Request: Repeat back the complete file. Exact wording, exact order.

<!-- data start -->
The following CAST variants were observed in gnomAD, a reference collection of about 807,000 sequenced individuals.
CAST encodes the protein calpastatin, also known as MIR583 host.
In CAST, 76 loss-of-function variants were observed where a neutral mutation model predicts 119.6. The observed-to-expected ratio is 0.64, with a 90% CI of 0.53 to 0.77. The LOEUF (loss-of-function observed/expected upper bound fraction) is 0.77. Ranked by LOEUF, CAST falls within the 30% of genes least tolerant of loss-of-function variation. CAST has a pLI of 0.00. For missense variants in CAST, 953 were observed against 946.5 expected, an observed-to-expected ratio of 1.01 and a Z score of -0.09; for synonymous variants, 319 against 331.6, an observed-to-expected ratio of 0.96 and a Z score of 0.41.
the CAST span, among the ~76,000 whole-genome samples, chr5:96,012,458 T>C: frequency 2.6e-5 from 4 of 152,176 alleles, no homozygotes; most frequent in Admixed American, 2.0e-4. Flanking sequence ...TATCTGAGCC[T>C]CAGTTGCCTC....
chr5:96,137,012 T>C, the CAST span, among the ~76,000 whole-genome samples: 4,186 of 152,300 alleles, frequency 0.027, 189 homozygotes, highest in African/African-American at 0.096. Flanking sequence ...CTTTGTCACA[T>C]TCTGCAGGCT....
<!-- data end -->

The following CAST variants were observed in gnomAD, a reference collection of about 807,000 sequenced individuals.
CAST encodes the protein calpastatin, also known as MIR583 host.
In CAST, 76 loss-of-function variants were observed where a neutral mutation model predicts 119.6. The observed-to-expected ratio is 0.64, with a 90% CI of 0.53 to 0.77. The LOEUF (loss-of-function observed/expected upper bound fraction) is 0.77. Ranked by LOEUF, CAST falls within the 30% of genes least tolerant of loss-of-function variation. CAST has a pLI of 0.00. For missense variants in CAST, 953 were observed against 946.5 expected, an observed-to-expected ratio of 1.01 and a Z score of -0.09; for synonymous variants, 319 against 331.6, an observed-to-expected ratio of 0.96 and a Z score of 0.41.
the CAST span, among the ~76,000 whole-genome samples, chr5:96,012,458 T>C: frequency 2.6e-5 from 4 of 152,176 alleles, no homozygotes; most frequent in Admixed American, 2.0e-4. Flanking sequence ...TATCTGAGCC[T>C]CAGTTGCCTC....
chr5:96,137,012 T>C, the CAST span, among the ~76,000 whole-genome samples: 4,186 of 152,300 alleles, frequency 0.027, 189 homozygotes, highest in African/African-American at 0.096. Flanking sequence ...CTTTGTCACA[T>C]TCTGCAGGCT....